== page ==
Jeremiah at my humble behest had agreed to Mrs. Kalu-Uche's request and invite to feature at the World Book Day for free, and he did that for the sake of the children ; an event that would have featured the Abuja-based R & B trio, StylPlus had they agreed on time. Jeremiah thereafter toured all the respective classes to read, sing and play with the cheery kids. The free appearance and alliance between writers and musicians must have made a strong impression on the children, and it wouldn't come as a surprise if these kids in the future turn out into hip writers and musicians. Though it's a lot more attractive for the kids to end up as musicians, they would really see writing as a hip thing when they can see politicians, business moguls, models, musicians, movie actors and other superstars also making exploits in the literary world. They would then realize that the culture of reading is a hip thing and they won't have to wait till another March 5th to wear the costumes of a favourite author or book character on World Book Day.

Though the reading culture is on a downward spiral nationally, writers must find a way to engage the teeming youthful population if we must remain relevant. Jumoke Verissimo, an eclectic poet and journalist with The Guardian last week lamented at an event hosted by Abuja Writers Forum that the gathering of writers oftentimes has writers as the audience. So we cook our literary food and consume same among our selves whereas arts should be shared with the public for whom the menu was designed.

We may have to find more creative and innovative ways to translate our writings from the present height to such a point that book reading will become fun like it used to be in the past. We may have to recruit premiership starts, supermodels, TV goddesses and music stars to cross over and become novelists and writers to have their fans root for our writings. For instance, once a music star crossover into acting like Will Smith, Jennifer Lopez and Beyonce Knowles, the movies charts at Hollywood. In Nigeria, our movie stars would rather crossover to music to gain more popularity.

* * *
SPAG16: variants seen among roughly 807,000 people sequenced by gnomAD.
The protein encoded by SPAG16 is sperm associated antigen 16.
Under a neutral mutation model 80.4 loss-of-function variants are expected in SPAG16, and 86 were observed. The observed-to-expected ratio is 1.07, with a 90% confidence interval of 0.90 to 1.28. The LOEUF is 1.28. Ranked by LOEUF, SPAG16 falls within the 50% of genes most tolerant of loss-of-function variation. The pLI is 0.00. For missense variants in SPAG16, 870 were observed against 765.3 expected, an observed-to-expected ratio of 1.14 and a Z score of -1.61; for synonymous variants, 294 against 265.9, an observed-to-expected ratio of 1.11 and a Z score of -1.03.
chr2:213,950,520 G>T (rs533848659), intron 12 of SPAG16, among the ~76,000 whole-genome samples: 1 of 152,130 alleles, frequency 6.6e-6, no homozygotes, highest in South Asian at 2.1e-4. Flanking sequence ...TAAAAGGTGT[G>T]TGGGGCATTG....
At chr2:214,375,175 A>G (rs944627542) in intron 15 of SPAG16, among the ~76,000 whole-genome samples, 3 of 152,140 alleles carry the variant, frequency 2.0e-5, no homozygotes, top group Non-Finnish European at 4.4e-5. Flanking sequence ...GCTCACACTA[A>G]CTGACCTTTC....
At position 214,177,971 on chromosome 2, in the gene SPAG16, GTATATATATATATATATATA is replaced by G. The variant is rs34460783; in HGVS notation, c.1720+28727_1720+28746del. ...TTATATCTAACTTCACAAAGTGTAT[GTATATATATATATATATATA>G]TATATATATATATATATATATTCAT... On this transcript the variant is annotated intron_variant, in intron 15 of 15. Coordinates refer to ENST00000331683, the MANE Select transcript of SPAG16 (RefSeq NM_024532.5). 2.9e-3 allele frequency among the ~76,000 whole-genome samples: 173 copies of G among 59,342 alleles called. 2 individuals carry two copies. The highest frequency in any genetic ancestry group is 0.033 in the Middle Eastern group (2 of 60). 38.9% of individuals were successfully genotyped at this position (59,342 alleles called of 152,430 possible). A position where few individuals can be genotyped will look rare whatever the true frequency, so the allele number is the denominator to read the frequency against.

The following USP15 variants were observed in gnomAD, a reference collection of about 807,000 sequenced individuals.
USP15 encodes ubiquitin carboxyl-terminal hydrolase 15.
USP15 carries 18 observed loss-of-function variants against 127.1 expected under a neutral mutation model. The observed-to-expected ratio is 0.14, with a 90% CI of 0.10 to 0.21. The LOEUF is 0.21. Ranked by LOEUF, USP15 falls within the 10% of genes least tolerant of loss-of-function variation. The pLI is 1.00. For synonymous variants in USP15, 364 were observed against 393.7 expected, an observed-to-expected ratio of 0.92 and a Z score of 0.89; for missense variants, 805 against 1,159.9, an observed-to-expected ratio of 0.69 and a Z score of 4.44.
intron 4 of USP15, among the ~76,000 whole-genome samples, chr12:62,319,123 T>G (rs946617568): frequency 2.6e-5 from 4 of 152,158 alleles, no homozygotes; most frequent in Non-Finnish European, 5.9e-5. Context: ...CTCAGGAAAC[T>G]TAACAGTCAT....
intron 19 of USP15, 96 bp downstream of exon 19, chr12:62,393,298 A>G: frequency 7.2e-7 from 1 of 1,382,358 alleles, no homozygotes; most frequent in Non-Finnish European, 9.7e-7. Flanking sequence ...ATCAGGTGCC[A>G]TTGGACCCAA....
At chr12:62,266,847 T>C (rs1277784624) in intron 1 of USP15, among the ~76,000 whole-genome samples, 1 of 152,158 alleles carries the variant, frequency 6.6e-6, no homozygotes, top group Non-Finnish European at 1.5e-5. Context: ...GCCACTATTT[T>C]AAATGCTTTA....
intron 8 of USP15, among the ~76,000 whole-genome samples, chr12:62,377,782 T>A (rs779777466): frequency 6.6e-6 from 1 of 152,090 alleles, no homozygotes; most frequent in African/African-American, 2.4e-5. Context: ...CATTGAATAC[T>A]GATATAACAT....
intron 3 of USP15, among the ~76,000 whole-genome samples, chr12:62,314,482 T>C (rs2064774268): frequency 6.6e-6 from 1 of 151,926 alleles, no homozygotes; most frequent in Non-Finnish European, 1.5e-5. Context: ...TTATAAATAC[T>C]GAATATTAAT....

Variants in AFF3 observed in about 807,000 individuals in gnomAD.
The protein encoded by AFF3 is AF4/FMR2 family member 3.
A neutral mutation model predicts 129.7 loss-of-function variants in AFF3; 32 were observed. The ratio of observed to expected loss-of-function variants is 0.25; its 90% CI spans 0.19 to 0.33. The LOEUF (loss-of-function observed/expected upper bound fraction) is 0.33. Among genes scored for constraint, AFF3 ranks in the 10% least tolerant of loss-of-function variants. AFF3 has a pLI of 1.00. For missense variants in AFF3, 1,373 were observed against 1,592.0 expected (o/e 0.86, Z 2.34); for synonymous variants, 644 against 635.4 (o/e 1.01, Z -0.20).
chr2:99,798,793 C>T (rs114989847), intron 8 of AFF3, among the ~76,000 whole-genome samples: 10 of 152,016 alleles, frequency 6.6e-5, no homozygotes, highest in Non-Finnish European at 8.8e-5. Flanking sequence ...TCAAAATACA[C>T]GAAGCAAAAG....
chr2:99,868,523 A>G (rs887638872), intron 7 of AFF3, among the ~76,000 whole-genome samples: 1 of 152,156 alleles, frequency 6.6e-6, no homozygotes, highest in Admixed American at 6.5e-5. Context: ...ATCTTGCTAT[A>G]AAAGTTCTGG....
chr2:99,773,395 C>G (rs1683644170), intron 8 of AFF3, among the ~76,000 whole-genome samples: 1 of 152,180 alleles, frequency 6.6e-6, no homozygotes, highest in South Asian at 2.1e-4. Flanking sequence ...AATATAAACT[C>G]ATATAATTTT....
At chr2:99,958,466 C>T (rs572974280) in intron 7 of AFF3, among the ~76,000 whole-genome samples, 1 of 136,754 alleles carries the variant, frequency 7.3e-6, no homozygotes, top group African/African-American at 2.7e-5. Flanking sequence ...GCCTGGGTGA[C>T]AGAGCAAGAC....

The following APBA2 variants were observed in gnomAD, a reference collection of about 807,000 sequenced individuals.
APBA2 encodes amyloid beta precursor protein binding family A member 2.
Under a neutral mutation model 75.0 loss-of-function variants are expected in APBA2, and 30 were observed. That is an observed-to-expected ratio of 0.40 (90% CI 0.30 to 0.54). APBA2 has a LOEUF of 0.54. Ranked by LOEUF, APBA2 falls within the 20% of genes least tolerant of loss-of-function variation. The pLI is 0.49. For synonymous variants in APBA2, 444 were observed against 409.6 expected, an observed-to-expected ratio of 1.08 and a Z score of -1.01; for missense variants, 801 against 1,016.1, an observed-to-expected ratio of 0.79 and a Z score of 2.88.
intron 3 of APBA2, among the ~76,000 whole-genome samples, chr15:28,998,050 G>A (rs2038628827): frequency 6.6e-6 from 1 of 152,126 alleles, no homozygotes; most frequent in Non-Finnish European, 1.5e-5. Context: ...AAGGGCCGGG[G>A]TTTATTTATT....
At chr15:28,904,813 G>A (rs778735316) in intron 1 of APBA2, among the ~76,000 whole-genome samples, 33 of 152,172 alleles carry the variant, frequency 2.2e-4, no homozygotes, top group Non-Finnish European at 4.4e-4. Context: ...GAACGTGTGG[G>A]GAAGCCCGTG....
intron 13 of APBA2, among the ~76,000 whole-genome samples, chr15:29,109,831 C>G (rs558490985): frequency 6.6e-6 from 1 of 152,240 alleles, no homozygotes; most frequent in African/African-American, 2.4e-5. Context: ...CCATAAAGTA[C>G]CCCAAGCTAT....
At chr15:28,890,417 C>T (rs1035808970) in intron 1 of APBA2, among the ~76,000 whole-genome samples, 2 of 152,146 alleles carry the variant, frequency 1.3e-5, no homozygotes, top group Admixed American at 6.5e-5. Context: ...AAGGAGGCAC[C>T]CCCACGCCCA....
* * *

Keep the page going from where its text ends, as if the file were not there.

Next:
I would have wished they crossed over into writing to show how creatively versatile they truly are, or is writing such a hard job that only a few have been able to tap into the mastermind of the Muse? If the playwright and dramatist, Tyler Perry could become a multi millionaire by turning his writings into movies, maybe writers should start thinking of diversifying their creative expressions to match the changing trends in our changing world. Most of the blockbuster movies and academy award winners have been adaptations of writings of novelists of the classical and modern era. And in today's hip-hop culture that is ruled and governed by the dictates of celebrities, the writer has to somehow find a way to become as relevant as the other mainstream artists. The time for a sequestered lifestyle is over for the writer belongs to this modern era. The 21st century writer has a duty to either write what will make him popular or write about what makes others popular and influential without compromising his creativity, intellectuality and more importantly, his spirituality.

Onyeka asked me what I felt about this particular piece..... here's my reply:

Hi Onyeka!

Obi does put forward several valid points. His chief concern is the poor health of the reading habit across youngsters in Nigeria. I, for one would take this one step forward and say that this is a global problem, and not just restricted to Nigeria or, for that matter, India. Soothsayers point at the rising number of young novelists coming from the subcontinent. This phenomenon has two explanations: